Synthetic oxygen carriers, such as haemoglobin-based oxygen carriers (HBOCs) or perflurocarbons (PFCs), are purified proteins or chemicals that have the ability to carry oxygen. They are useful for emergency therapeutic purposes when human blood is not available, the risk of blood infection is high or when there is not enough time to properly cross-match donated blood with a recipient.
The misuse of synthetic oxygen carriers for doping purposes carries the risk of cardiovascular disease in addition to serious side effects such as strokes, heart attacks and embolisms.
There are two forms of blood doping; Autologous blood doping is the transfusion of one’s own blood, which has been stored, refrigerated or frozen, until needed and Homologous blood doping is the transfusion of blood that has been taken from another person with the same blood type.
Although the use of blood transfusions for blood doping dates back several decades, experts say its recent resurgence is probably due to the introduction of efficient EPO detection methods. A test for homologous blood transfusions was implemented at the 2004 Olympic Games in Athens. The World Anti-Doping Agency (WADA) says it is funding research into developing a test for autologous transfusions and it is also leading the development of so-called “biological passports” which keep a record of an athlete’s blood and biological variables over time.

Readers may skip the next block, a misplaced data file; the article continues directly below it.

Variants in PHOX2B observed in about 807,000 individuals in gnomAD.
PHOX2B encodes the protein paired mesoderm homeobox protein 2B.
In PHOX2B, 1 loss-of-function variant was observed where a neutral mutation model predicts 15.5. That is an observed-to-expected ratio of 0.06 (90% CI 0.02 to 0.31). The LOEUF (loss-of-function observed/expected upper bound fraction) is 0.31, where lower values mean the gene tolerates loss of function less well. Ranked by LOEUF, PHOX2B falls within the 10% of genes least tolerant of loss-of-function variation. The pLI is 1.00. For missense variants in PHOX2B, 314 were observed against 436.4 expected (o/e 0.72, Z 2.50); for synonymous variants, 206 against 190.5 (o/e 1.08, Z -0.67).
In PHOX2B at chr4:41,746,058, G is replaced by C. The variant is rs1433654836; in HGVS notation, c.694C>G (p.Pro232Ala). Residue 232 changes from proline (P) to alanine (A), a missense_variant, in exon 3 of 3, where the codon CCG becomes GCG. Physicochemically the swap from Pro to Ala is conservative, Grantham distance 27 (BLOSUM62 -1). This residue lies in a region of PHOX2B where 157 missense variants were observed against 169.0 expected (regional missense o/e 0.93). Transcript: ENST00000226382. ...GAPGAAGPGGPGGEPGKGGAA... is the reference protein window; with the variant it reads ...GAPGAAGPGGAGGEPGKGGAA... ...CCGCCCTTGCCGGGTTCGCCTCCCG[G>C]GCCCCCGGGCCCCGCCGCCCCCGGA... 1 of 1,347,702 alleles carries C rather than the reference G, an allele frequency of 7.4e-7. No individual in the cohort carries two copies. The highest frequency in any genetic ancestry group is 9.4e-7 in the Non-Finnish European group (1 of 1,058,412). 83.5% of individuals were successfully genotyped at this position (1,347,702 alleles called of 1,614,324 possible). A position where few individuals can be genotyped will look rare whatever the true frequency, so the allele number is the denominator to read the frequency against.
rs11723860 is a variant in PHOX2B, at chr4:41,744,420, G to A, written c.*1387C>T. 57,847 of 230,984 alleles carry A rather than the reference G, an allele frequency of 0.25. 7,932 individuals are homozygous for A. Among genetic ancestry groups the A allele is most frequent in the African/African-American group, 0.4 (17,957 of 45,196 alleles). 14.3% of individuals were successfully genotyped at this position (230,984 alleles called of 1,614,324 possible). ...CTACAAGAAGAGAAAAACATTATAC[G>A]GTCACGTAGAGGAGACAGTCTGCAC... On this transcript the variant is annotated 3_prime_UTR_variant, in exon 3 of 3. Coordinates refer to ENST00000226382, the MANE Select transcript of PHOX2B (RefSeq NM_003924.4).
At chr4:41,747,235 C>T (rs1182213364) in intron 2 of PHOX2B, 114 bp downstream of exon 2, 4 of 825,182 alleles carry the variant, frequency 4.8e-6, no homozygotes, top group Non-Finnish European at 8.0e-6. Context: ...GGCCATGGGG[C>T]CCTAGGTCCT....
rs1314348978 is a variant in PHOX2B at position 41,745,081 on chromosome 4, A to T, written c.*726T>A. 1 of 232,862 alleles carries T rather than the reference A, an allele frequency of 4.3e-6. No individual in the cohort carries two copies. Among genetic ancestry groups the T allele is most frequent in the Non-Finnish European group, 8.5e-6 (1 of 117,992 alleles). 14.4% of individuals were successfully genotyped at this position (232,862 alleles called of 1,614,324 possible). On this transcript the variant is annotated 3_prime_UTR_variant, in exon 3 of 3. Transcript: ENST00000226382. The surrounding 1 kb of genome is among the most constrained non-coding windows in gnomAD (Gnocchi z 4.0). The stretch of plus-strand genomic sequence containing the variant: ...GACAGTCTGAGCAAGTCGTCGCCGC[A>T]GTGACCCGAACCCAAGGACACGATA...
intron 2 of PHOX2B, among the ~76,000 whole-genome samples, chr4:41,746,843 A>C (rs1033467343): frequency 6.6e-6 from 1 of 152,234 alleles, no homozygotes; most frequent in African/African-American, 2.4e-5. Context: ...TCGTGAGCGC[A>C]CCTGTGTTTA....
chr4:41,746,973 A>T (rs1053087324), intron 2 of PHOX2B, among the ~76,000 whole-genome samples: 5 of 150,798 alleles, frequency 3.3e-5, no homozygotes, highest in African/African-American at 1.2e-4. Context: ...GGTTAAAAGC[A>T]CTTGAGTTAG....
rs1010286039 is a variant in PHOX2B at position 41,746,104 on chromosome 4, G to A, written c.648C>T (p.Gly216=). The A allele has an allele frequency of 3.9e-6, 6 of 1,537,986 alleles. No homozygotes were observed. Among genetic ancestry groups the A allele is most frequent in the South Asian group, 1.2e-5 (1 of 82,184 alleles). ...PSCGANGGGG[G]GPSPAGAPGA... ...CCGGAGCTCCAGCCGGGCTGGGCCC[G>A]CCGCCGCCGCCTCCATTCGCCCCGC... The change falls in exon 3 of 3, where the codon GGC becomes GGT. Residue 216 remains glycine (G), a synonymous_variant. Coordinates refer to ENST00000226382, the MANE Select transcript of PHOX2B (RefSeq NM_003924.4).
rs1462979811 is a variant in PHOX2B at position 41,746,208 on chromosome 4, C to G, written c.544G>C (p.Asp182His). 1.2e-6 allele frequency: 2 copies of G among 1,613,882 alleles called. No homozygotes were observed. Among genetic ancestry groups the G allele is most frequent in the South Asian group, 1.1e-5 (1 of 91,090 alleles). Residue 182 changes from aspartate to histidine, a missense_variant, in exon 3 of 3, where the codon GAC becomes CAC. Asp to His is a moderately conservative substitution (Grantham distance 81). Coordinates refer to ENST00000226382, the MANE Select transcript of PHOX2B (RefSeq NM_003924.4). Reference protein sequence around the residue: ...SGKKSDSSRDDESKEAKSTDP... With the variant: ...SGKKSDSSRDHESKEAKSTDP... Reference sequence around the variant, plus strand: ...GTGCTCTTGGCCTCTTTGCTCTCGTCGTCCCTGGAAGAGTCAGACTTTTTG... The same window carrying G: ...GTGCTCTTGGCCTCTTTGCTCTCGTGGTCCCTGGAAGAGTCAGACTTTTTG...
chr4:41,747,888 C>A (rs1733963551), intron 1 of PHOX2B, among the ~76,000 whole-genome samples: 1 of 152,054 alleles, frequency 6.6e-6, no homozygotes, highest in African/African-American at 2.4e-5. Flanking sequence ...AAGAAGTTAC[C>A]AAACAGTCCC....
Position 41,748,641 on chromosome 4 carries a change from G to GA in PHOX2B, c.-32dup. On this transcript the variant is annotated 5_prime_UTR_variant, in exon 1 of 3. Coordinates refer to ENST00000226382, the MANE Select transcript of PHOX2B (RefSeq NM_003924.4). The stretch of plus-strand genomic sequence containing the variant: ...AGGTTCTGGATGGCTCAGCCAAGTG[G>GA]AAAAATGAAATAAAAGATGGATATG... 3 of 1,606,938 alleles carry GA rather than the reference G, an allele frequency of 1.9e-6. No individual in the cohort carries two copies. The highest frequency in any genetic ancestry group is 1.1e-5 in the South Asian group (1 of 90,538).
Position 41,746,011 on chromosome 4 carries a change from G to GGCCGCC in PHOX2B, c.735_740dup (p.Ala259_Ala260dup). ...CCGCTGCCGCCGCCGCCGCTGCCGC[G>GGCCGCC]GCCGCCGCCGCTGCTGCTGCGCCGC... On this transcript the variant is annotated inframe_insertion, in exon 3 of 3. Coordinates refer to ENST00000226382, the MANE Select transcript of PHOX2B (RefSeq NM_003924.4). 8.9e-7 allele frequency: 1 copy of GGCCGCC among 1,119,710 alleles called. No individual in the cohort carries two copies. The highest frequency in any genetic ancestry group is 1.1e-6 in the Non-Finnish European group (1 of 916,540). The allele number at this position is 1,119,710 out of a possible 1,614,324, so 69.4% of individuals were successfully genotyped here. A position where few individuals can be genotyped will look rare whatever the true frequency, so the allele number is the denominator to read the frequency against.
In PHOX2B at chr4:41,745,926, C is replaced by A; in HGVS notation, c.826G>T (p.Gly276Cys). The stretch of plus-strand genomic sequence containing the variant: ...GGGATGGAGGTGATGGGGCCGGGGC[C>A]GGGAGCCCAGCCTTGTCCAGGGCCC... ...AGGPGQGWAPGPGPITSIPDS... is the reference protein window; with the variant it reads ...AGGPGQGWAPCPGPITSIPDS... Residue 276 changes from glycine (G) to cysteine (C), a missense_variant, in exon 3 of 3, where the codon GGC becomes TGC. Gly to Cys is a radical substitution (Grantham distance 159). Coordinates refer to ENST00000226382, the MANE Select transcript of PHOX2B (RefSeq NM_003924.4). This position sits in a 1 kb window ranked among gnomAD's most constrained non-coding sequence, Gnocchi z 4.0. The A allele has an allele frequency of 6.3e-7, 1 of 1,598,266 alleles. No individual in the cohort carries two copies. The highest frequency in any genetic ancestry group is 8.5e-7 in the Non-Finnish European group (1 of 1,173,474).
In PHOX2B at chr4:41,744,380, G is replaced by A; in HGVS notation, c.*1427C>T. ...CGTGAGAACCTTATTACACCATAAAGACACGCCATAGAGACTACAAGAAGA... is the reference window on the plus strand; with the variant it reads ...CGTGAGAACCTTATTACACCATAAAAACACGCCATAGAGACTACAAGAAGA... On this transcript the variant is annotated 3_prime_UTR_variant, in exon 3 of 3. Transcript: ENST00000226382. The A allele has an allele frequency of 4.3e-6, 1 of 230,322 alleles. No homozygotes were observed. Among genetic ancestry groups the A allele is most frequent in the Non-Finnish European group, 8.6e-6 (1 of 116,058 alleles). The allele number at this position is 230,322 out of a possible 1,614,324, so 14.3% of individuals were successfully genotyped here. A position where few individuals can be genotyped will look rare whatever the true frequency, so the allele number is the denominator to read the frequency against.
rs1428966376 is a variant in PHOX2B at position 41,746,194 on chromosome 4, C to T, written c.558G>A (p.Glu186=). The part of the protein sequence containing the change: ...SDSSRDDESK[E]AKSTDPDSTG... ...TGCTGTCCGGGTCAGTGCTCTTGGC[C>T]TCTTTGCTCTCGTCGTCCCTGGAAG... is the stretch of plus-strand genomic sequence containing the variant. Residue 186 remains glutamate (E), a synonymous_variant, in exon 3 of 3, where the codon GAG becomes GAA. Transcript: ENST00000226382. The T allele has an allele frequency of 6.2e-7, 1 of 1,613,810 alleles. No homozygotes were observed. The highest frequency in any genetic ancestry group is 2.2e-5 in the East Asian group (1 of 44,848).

[B]The stuff of Dr. Frankenstein![/B]
Advancements in gene therapy for medical reasons mean potential cheats might seek to undergo procedures to modify their genes to enhance their physical capabilities and fitness programs. While it is not yet known whether it has ever been done in practice, gene doping could in theory be used to increase muscle growth, blood production, endurance, oxygen dispersal and pain perception. Gene doping is defined by WADA as the transfer for nucleic acids or nucleic acid sequences and the use of normal or genetically modified cells. There are currently no testing methods capable of detecting gene doping.
So there you have it…
If blood doping is so widespread in the sporting world, should we then allow it to happen or should we create a level playing field and make it fair? That’s another topic for another day I guess.
In the meantime enjoy the Olympics but keep an open mind whenever you see an athlete create a ‘special’ performance.